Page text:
Well, you see, when two fantasy writers love each other very much…

…they get drunk enough to say “yes” when I ask them if I can put this up on Whatever:

Peter V. Brett (l) and Blake Charlton (r), secure in their masculinity

This is one big reason why I love New York: there are so many writers here that every day is like a science fiction/fantasy convention. Today’s photo comes from the aftermath of Saturday’s “guerilla reading” by fantasy author Blake Charlton and friends. Lots of fans, editors, and authors were in attendance, including those who read along with Blake — Laura Anne Gilman (who took this photo and graciously shared it with me), fellow Altered Fluidian Saladin Ahmed, and David Barr Kirtley. Others were there just for moral support, like me and Peter V. Brett, seen above (left) with Blake.

Afterward, we all went out to a bar called Valhalla, because where else are a bunch of fantasy authors going to go drink? And as you can see from the above literal demonstration, it was one great big fantasy author lovefest. Things got a little wild after that third horn of mead, or maybe it was the ValhallaDogs and AsgardWurst (no, I’m not kidding) that did us in. Anyway, thanks to the guys for being such good sports as to let me post this here for your shameless ridicule admiration.

ETA: Gah, fixed URL for Laura Anne Gilman’s website, and added URL for Altered Fluid. Sorry, guys.

13 thoughts on “Well, you see, when two fantasy writers love each other very much…

  1. nkjemisin@2 – If you have a gathering of fantasy authors and you see a hooded guy in the corner smoking a pipe, it’s actually the ghost (or possibly reincarnation) of Tolkien himself keeping an eye on everyone.

  2. The things I miss out on by moving south. Alas! I shall just have to shanghai authors and make them travel further south. I swear to you, NC isn’t a total cultural wasteland! Do I have to waylay publicists and break their brainwashing?

  3. Guess @9,

    It’s a question of what you consider affordable. I pay more in rent than somebody in a smaller town would, yes, but I don’t have, or need, a car. Had one before I moved to NYC and gave it away to a relative when I got here, in fact. I pay at most $80/month for my MTA Card, which is way cheaper than a car note, insurance, maintenance, and a gas bill. I pay less in utilities, too; back when I lived in Boston, I paid $400/month for heat sometimes, and that’s with me cranking down the thermostat, wearing sweaters, wrapping myself in blankets, and catching colds every other week. While here in NYC, heat is almost always included in the rent, and they’re not stingy with it. Even when I’ve paid separate heating, it’s been $50/month rather than $400. And while the cost of living (e.g., food, etc.) is a little higher here, so’s the average salary. New Yorkers pay more, but they also make more, so it generally balances out.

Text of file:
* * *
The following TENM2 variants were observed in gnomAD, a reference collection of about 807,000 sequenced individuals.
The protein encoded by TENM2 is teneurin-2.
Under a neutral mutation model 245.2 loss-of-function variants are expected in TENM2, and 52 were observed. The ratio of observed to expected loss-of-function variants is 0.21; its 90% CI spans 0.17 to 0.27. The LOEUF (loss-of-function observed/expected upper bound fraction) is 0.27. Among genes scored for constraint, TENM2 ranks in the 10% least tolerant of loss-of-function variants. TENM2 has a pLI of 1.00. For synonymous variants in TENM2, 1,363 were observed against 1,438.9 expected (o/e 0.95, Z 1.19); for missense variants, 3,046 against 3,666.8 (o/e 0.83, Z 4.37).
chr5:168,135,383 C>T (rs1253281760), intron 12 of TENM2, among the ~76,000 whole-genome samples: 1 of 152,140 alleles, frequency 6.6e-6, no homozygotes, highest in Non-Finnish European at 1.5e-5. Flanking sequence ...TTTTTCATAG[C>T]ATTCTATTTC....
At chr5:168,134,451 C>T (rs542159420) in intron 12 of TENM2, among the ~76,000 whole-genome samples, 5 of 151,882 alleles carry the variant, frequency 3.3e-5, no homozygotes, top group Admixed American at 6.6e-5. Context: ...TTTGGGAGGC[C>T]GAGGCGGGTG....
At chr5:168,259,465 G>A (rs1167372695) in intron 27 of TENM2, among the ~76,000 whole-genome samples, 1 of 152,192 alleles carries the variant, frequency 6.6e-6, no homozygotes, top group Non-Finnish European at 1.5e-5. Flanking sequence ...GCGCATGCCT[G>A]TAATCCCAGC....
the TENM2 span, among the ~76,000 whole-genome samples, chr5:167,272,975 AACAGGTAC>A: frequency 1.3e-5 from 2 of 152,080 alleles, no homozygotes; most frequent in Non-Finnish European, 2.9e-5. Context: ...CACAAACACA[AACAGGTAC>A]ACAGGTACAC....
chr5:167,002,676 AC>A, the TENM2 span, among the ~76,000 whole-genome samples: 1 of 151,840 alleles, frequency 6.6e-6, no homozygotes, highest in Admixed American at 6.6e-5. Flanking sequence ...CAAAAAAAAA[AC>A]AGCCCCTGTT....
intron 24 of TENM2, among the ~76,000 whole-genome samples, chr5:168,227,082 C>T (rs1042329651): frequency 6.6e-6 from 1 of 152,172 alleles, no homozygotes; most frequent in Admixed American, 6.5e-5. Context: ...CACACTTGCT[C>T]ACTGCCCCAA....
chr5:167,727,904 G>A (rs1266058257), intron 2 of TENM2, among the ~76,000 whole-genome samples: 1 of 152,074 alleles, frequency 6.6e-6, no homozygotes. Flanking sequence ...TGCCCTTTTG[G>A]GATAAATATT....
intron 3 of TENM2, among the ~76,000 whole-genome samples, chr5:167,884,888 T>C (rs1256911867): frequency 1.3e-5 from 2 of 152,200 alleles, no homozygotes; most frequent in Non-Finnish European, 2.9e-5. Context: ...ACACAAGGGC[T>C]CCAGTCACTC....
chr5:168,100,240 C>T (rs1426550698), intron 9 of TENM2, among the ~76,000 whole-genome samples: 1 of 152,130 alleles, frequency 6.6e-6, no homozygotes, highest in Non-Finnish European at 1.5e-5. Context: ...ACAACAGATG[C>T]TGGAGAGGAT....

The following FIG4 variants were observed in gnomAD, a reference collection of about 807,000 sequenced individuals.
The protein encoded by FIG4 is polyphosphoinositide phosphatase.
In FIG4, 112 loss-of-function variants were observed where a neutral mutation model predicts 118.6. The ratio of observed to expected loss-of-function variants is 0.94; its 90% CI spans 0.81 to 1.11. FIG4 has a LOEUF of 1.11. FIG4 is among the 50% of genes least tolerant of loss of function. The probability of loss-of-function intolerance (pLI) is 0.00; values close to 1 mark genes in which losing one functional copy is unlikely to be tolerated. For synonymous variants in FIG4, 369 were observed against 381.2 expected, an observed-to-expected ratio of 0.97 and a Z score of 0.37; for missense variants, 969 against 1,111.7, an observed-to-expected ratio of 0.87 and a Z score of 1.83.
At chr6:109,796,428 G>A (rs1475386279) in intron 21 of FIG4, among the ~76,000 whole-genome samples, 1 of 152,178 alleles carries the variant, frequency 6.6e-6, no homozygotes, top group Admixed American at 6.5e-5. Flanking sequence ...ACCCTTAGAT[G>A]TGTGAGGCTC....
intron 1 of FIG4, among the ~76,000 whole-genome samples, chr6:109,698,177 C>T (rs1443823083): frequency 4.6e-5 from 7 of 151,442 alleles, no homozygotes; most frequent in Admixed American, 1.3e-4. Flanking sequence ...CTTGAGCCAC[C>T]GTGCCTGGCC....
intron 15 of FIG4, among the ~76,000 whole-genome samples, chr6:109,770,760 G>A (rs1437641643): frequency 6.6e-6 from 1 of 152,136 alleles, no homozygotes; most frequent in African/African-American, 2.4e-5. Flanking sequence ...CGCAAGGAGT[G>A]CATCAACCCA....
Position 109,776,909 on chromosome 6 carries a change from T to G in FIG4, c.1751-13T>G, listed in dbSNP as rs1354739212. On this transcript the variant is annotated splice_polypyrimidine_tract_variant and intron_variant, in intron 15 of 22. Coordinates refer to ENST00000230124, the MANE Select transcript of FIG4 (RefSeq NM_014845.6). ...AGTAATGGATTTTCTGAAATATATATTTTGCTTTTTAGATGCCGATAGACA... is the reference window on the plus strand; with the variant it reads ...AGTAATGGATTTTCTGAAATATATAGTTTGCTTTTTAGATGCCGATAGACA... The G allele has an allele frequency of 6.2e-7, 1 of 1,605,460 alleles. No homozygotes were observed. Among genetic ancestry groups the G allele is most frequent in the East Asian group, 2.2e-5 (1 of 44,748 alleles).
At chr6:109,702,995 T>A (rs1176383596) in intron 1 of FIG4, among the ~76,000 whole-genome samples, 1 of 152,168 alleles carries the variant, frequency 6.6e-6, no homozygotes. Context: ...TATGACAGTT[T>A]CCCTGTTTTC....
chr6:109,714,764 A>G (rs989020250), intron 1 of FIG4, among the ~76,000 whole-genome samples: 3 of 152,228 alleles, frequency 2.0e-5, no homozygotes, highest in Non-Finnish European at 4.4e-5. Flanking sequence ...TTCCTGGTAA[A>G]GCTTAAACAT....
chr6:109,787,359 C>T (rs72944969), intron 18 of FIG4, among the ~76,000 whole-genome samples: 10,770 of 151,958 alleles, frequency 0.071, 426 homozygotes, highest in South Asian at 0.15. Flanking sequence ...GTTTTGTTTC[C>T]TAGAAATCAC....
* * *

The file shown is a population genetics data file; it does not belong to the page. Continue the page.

It’s tough to come to New York, if you’re used to another place and are bringing capital earned in that place; startup costs here probably seem insane to folks from smaller towns. But like I said, I’m coming from Boston; New York has actually been significantly cheaper for me.

  4. I tried to move to Boston from Columbus, Ohio a few years ago. In Columbus, a thousand bucks a months gets you a beautiful, brand new townhouse with vaulted ceilings, a fire place, a yard, a balcony off the master bedroom, and three bathrooms. In Boston, a thousand bucks a month gets you a hovel from the dawn of man. Since I would have had the same job and salary there, I decided against that. I’d love to have all the amenities of the city but I think I’m too spoiled to give up how far my dollar goes in the suburbs.

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